Missoula County’s cryptocurrency mining regulation could become a national model
New law in Missoula County could help write the future of cryptocurrency regulation in the United States In February, county officials passed what they believe is the first permanent zoning policy for cryptocurrency mining operations, forcing them to generate renewable energy and stay away from residential areas.
Jason Vaughan was the site manager for Hyperblock, a Bitcoin mining company in Bonner, MT, which closed last year. He says stepping into the 250,000 square foot building was almost like stepping into a giant assembly line.
“Most of them are, you know, steel and metal. There’s a lot of noise from fans of all the machines and things, but it’s just like there are hundreds of thousands of little flashing lights and so on.
The flashing lights belonged to computers mining Bitcoin cryptocurrency. They do this by solving complex mathematical problems that require intense computing power. The first computer to solve the problem is rewarded by the network with Bitcoin.
Vaughan says western Montana was a great place for growing mining, because like your home computer, mining machines can heat up and the cool climate keeps costs down.
Electricity is also cheaper in Montana than in most countries, and cryptocurrency mining consumes a lot of energy.
Hyperblock’s giant data center opened in 2016 and has quadrupled in size. According to county officials, Hyperblock’s energy use at its peak was comparable to the energy use of about a third of all households in the county.
Vaughan says plans were in place for the business to continue to grow when 2020 arrives.
“You know, it was some kind of perfect storm of circumstances that ultimately led to bankruptcy.”
The price of Bitcoin has been hit hard by the epidemic The coronavirus pandemic and the size of digital mining have caught the county’s attention.
Missoula County Sustainability Program Manager Diana Maneta said: “It turned out that the cooling fans on the roof of the facility were generating this loud, constant hum that really bothered some of the neighbors.”
In February of this year, Missoula County implemented new zoning policies that require cryptocurrency mining operations to take place outside of residential areas.
The new rule also states that companies must dispose of electronic waste through recycling companies approved by the Montana Department of the Environment and generate new renewable energy to make up for the energy they have removed. of the market.
Most of Hyperblock’s existing data center would have been exempt from the regulations, but anything it added would not have been.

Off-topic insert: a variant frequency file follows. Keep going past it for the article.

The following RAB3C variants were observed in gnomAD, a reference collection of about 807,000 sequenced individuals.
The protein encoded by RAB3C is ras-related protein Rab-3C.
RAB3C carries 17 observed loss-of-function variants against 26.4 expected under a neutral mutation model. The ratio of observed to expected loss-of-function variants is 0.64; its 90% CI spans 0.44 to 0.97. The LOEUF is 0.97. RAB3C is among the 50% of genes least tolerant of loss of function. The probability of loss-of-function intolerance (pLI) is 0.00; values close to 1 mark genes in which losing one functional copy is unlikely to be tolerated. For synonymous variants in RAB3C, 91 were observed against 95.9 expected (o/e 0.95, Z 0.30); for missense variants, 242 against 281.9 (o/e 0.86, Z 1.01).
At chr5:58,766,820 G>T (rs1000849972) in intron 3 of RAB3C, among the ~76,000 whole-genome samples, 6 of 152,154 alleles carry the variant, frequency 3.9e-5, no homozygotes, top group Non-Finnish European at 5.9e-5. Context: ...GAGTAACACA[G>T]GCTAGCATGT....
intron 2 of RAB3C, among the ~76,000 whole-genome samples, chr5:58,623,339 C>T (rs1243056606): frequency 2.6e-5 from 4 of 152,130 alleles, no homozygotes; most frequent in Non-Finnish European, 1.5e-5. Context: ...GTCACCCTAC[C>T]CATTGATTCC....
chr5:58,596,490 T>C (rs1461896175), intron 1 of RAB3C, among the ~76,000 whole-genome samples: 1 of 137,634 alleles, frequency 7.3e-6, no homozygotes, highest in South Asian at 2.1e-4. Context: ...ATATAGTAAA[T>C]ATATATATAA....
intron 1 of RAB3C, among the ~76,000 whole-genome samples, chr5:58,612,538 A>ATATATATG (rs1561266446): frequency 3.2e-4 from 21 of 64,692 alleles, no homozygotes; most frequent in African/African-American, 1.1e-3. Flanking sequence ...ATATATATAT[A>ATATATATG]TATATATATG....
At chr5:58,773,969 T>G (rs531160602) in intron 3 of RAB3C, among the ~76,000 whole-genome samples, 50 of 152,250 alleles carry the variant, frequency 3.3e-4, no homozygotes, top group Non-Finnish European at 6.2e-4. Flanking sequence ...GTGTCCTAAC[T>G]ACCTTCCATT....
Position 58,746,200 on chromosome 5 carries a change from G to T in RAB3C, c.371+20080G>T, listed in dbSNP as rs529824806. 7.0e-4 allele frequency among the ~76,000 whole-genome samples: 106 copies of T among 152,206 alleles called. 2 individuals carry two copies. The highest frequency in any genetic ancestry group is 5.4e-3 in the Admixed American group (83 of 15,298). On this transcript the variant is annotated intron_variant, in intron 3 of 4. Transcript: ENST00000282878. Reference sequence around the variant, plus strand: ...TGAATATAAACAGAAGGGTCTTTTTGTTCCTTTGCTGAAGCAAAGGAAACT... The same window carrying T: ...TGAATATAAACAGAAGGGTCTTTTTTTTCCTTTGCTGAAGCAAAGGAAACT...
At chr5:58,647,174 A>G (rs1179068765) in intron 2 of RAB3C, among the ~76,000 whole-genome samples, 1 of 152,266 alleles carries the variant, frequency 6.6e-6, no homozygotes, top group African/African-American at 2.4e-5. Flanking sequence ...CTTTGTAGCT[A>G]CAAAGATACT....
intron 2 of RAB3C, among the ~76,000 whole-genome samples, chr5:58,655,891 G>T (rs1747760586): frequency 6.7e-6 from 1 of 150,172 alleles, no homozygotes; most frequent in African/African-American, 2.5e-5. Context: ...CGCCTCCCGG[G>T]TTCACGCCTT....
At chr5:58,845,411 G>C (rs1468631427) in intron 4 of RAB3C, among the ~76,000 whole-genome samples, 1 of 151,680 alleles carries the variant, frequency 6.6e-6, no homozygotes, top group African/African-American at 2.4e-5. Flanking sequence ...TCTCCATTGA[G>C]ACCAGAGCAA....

“We have given this a lot of thought, not wanting to ban this industry in the county, but wanting to know how to make it compatible with the county’s values and the county’s goals – especially the climate change goal,” Maneta says. .
The energy required to mine cryptocurrency is a growing point of debate in the new industry.
Nikhilesh De, Editor-in-Chief of Global Policy and Regulation at CoinDesk, says Missoula County regulations are at the forefront of how local governments might respond to digital mining operations.
“I haven’t seen anything like it yet, but it wouldn’t surprise me if this pattern is followed. “You know, these companies use a lot of electricity and they need a lot of energy from the nearby power plants.”
De says the figures on Bitcoin’s energy consumption are striking and putting the onus on businesses to reduce their energy demand could alleviate the problem.
Still, he says it’s a complicated debate. Many in the industry say digital currency miners are distinguished in the wide world of high-power technological advancements.
“I think part of the reason Bitcoin and other cryptocurrencies are getting this attention so much is that it’s a little easier to estimate how much energy they are using compared to tech companies. or other systems. “
Alex de Vries is a data scientist for the Dutch Central Bank and the founder of Digiconomist, a financial medium that covers digital trends. He says that global Bitcoin mining only uses around 40% renewable energy and that the renewable energy it uses could displace other customers, pushing them to higher fossil fuel use.
He also says that the total carbon footprint of bitcoin is equal to that of the country of Hungary, while generating electronic waste equivalent to that of Luxembourg. He says that with the bitcoin price spike, these impacts are unlikely to diminish. When Hyperblock in Missoula County closed in Missoula County in May 2020, a bitcoin cost around $ 9,000. Now it’s worth it approximately $ 55,000.
“If cryptocurrency mining becomes more profitable, people will add more machines as long as it is profitable,” de Vries says. “The only bottleneck is that the production of these machines takes a while.”
Bitcoin could one day join several other cryptocurrencies to switch to greener mining methods, but de Vries says that’s difficult to achieve.
“It’s a distributed network. No one is in charge, which means no one can say ‘from tomorrow we will use this new green version’ ”.
Bonner’s data center infrastructure has been completely dismantled and another tenant is using a fraction of the building. Meanwhile, Missoula County’s Diana Maneta says she has already heard from residents in other parts of the country who want to advocate for similar cryptocurrency mining rules in their own communities.